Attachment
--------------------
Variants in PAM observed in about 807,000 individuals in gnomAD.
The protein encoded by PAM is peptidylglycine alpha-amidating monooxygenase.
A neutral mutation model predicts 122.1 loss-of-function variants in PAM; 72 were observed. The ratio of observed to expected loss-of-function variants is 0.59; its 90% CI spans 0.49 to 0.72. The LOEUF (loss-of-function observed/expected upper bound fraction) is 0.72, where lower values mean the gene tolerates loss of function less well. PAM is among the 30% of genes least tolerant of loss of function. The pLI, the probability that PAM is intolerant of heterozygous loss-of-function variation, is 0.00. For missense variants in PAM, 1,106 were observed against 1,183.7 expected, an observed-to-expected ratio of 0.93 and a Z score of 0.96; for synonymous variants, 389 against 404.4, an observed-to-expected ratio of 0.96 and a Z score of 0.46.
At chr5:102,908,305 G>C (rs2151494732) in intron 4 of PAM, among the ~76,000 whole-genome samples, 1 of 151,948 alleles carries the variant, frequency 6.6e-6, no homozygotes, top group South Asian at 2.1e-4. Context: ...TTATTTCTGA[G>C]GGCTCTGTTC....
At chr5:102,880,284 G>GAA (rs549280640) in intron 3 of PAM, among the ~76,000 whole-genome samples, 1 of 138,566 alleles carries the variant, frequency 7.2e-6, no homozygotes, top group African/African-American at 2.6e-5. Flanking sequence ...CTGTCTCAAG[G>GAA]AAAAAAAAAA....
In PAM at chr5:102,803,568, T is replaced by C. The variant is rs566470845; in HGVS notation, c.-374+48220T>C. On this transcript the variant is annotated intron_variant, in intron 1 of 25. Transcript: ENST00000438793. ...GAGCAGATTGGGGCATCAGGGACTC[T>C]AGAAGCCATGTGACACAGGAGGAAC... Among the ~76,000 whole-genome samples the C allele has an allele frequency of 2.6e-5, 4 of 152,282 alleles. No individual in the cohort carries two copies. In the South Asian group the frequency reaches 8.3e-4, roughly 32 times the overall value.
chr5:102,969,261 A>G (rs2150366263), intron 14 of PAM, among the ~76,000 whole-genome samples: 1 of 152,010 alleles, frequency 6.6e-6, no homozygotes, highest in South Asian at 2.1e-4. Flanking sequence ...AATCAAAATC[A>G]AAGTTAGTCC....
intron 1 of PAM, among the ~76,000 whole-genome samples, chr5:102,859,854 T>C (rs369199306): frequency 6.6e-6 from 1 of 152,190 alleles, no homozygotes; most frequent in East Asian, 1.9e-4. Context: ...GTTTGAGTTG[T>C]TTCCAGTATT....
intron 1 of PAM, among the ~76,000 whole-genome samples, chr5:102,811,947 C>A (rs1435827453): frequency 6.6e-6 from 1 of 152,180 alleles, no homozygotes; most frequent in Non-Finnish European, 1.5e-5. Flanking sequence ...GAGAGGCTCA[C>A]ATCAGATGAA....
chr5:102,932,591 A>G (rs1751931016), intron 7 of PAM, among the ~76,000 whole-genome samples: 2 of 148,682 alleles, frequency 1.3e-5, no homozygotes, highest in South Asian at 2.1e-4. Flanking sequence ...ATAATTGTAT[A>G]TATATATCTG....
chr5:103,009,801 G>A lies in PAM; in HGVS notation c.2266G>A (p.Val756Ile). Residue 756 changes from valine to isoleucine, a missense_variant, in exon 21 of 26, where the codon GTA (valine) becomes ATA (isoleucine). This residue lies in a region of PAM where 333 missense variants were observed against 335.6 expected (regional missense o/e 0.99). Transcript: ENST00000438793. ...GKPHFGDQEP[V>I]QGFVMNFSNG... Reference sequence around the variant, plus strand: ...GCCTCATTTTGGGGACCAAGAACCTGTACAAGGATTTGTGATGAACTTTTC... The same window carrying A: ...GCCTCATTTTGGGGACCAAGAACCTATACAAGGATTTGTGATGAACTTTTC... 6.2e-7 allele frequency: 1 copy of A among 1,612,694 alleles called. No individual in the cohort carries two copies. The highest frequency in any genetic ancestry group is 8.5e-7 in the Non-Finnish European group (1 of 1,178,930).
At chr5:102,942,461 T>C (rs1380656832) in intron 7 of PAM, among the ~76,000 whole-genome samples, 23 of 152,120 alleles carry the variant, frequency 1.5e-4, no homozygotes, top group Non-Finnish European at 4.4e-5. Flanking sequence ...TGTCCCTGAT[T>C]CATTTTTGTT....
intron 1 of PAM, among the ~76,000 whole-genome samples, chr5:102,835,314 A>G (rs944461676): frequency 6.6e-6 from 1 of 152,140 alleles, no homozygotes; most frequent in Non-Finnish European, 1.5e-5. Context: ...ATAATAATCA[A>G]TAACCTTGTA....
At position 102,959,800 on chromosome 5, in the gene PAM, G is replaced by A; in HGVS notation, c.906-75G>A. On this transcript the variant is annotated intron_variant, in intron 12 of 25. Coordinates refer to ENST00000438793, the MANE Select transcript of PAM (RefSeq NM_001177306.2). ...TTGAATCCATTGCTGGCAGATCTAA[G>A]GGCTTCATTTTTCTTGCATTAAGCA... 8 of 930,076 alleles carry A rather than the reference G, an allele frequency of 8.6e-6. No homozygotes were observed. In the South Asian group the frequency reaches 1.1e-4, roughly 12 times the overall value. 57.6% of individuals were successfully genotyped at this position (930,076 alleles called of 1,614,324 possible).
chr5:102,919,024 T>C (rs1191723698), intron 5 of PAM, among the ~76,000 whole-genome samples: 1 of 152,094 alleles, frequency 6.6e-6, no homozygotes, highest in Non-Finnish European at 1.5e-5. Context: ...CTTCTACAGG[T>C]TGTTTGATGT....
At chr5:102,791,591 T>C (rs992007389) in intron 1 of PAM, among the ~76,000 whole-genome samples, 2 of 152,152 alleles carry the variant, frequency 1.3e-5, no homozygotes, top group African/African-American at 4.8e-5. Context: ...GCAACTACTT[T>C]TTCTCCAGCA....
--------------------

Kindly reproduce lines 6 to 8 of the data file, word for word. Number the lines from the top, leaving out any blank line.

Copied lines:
In PAM at chr5:102,803,568, T is replaced by C. The variant is rs566470845; in HGVS notation, c.-374+48220T>C. On this transcript the variant is annotated intron_variant, in intron 1 of 25. Transcript: ENST00000438793. ...GAGCAGATTGGGGCATCAGGGACTC[T>C]AGAAGCCATGTGACACAGGAGGAAC... Among the ~76,000 whole-genome samples the C allele has an allele frequency of 2.6e-5, 4 of 152,282 alleles. No individual in the cohort carries two copies. In the South Asian group the frequency reaches 8.3e-4, roughly 32 times the overall value.
chr5:102,969,261 A>G (rs2150366263), intron 14 of PAM, among the ~76,000 whole-genome samples: 1 of 152,010 alleles, frequency 6.6e-6, no homozygotes, highest in South Asian at 2.1e-4. Flanking sequence ...AATCAAAATC[A>G]AAGTTAGTCC....
intron 1 of PAM, among the ~76,000 whole-genome samples, chr5:102,859,854 T>C (rs369199306): frequency 6.6e-6 from 1 of 152,190 alleles, no homozygotes; most frequent in East Asian, 1.9e-4. Context: ...GTTTGAGTTG[T>C]TTCCAGTATT....